AS CONSUMERS AND INDIVIDUALS TAKE MORE STEPS TOWARDS ACTIVE PARTICIPATION INTO FOOD SOURCES AND ENVIRONMENTAL AWARENESS, THE PARTNERS THEY WORK WITH MUST FOLLOW SUITE IN ORDER TO TAKE RESPONSIBILITY FOR THEIR OWN CARBON FOOTPRINT.
Over the last decade, consumer-driven trends have made a large impact on society’s expectations and actions as the result of social media and other additional outlets of communication. In conjunction, government policy and tax credits also play a large role determining the actions of an individual and businesses. In the interest of an organization’s carbon footprint, new programs have started to emerge in order to receive benefits for reducing one’s footprint. So when we hear words like “carbon credit” it leads to a questions like the following:
- What is a carbon credit?
- How do carbon credits relate to agriculture?
- How does this relate to climate change?
- Why should local producers or my local cooperative be involved?
What is a carbon credit?
A carbon credit is when an individual does something that takes the equivalent of one ton of carbon dioxide out of the atmosphere or makes a change that prevents the release of the equivalent of one ton of carbon dioxide into the atmosphere.
Those two things are called sequestration and emissions avoidance respectively. A carbon credit needs to be measurable, trackable, be related to a new practice and be permanent. Some examples would be creating a process that replaces propane with methane from manure, planting a cover crop to take carbon dioxide out of the air and store it in the soil, or reducing tillage to reduce decomposition of organic matter which releases carbon dioxide. If these practices can be measured, tracked, and registered then a carbon credit can be produced and sold to a buyer who may want to purchase credits to offset emissions they may produce. An example might be a commercial airline, or a coal or natural gas fired power plant.
How do carbon credits relate to agriculture?
In all the examples above a farmer created a carbon credit. A livestock producer captured manure methane to replace propane, a crop farmer planted cover crops, or a crop farmer reduced their tillage operations. In agriculture we work every day with the miracle of photosynthesis. Mother nature created plants which use sunlight to harvest carbon dioxide out of the air and water out of the soil to produce sugars which become the building blocks of the plants that eventually feed the animals both of which return to the soil. Using this process to capture carbon dioxide and maximize the storage of the carbon compounds created in the soil is how we sequester carbon in agriculture.
How does all of this relate to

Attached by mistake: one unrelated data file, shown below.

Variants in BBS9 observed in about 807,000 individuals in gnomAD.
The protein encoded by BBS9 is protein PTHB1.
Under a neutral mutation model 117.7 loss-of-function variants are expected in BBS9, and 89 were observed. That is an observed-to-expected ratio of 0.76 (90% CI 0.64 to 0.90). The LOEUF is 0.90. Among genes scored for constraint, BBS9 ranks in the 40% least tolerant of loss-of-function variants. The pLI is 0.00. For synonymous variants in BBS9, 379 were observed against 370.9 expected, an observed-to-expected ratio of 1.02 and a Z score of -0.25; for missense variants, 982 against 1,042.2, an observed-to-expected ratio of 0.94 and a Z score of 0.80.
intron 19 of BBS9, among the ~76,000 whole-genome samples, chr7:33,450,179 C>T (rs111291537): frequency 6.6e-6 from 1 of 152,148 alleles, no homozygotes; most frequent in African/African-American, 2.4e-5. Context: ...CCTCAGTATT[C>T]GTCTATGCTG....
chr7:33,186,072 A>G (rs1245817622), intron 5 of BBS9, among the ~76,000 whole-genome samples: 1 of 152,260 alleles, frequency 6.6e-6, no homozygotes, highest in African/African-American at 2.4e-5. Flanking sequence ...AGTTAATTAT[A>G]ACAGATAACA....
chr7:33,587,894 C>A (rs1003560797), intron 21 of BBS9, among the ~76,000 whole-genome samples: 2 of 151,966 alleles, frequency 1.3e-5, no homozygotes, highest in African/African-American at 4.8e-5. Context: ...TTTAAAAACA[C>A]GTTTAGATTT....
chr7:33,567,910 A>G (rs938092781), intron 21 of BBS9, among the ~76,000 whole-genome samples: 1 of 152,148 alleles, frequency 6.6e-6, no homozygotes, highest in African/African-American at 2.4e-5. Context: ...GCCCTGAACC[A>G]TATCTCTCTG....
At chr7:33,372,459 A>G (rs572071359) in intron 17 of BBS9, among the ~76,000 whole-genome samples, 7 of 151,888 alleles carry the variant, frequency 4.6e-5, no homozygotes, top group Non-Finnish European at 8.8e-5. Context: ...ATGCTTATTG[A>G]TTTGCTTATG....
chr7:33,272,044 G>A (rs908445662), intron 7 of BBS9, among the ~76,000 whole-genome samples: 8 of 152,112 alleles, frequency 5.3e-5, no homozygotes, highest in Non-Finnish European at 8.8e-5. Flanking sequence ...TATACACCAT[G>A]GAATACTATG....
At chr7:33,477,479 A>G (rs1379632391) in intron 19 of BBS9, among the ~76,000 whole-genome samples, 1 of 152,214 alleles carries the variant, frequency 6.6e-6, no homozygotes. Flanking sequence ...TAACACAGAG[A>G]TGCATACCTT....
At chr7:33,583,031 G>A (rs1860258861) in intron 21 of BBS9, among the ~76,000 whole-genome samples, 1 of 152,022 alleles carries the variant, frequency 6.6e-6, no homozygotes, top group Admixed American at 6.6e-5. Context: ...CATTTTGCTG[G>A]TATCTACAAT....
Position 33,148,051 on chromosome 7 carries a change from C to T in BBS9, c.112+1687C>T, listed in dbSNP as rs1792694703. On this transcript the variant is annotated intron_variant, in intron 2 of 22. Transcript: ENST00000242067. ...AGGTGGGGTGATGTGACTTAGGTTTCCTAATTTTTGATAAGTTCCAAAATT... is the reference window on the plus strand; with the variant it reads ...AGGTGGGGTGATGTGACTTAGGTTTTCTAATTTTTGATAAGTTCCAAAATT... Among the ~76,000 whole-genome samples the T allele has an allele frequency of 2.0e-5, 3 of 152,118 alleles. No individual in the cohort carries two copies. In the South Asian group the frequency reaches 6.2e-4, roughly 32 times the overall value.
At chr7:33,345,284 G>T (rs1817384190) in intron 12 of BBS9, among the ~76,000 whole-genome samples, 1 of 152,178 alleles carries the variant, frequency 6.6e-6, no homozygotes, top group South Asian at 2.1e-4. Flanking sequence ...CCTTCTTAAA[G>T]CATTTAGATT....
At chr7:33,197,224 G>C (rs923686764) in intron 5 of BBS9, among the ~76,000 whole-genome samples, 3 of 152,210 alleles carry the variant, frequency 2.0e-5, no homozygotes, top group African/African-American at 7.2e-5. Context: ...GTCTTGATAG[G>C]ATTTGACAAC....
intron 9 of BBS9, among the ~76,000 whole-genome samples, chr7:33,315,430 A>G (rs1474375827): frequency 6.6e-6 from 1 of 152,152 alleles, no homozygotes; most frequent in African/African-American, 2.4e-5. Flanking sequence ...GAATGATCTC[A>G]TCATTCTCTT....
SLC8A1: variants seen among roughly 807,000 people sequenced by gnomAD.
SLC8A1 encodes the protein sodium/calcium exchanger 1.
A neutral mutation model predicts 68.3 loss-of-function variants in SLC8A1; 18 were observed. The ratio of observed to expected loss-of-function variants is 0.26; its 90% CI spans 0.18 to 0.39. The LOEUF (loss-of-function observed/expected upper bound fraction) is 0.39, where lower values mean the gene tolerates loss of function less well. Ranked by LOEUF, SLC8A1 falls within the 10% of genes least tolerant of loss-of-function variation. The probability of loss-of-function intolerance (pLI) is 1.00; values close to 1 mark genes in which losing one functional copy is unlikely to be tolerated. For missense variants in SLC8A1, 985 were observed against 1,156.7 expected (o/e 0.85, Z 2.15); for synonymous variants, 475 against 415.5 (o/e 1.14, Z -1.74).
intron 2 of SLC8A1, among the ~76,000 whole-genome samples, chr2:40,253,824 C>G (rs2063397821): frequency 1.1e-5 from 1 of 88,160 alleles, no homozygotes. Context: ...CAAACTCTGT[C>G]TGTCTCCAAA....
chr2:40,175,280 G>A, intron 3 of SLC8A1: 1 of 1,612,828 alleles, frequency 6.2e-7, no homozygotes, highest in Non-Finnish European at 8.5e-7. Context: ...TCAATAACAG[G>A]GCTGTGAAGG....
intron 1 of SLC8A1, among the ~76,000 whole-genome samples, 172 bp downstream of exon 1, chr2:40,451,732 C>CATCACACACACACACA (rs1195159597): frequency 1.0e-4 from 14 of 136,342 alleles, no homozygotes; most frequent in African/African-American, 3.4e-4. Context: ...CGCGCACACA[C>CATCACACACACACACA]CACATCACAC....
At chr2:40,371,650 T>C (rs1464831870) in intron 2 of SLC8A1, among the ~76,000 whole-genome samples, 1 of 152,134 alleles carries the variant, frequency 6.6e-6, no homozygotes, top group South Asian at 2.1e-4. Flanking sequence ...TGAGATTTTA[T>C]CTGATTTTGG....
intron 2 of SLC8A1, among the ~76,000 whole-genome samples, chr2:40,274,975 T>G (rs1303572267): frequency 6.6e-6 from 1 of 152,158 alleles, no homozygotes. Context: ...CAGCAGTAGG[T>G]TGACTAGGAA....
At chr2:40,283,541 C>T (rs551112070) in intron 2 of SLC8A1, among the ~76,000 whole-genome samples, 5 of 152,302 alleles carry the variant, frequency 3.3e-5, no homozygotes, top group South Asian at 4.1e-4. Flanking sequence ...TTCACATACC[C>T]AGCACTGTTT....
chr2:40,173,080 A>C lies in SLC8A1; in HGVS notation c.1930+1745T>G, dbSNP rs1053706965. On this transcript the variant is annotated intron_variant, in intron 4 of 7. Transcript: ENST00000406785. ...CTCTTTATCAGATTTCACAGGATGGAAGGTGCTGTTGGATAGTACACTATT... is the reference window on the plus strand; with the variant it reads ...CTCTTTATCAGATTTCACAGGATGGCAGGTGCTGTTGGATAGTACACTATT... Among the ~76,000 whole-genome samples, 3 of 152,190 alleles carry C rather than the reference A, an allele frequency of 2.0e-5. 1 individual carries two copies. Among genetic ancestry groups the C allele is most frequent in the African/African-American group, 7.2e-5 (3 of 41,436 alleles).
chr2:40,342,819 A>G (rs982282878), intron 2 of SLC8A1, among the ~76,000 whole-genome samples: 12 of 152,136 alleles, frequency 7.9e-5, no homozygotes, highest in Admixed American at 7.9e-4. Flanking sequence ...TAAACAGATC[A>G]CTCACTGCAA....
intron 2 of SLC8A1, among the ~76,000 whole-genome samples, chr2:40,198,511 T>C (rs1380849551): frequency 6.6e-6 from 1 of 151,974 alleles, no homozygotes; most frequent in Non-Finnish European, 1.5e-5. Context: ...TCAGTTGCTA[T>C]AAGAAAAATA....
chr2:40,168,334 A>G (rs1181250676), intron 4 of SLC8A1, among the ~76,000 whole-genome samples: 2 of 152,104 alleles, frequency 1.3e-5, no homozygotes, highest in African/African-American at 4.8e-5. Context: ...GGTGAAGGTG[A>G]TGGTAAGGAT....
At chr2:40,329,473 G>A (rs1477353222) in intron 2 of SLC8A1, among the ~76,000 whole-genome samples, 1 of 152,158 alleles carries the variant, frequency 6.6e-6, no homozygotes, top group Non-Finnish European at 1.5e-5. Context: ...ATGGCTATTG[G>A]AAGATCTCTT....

Concerns about climate change are generally related to increases in carbon dioxide and other greenhouse gases such as methane and nitrous oxide in the atmosphere. These gases tend to trap heat and increase warming of the earth. Agriculture has an impact on many of these greenhouse gases. By adjusting our practices, we can reduce the levels of these gases in the atmosphere. By doing more than our share we can receive credits from industries that find it very expensive or impractical to make similar changes to decrease greenhouse gas emissions.
Watch the video to learn more about taking care of our resources.
Why should local producers o my local cooperative be involved?
Many time growers can make incremental changes that will have a major impact on greenhouse gas emissions more economically than other industries. Because of this efficiency those industries may be willing to pay a grower to make those changes. Food companies may also be willing to pay a premium to farmers or livestock producers that can prove their grain or livestock were produced with lower emissions. Biofuel companies may be willing to pay a premium as well so they can show that their ethanol or biodiesel has lower greenhouse gas emissions.
The local cooperative sells growers the inputs needed for their crops and livestock. They often help the producer market their farm products. Because they handle much more grain and inputs then the individual producer it often makes sense for the cooperative to track the information needed to prove sustainable production practices and produce carbon credits.
Carbon credits, Low Carbon Fuel Standards, and sustainably produced food are all subjects receiving a lot of attention over the last few years. Progressive farmers will understand the demand the market has for these things and work to maximize their profitability related to this area. Central Valley Ag will work with our producers, customers, and outside companies to make sure we are finding opportunities for our grower to receive additional value for their crops, livestock, and farming practices.
Source: Tim Mundorf, Central Valley Ag Cooperative, 2022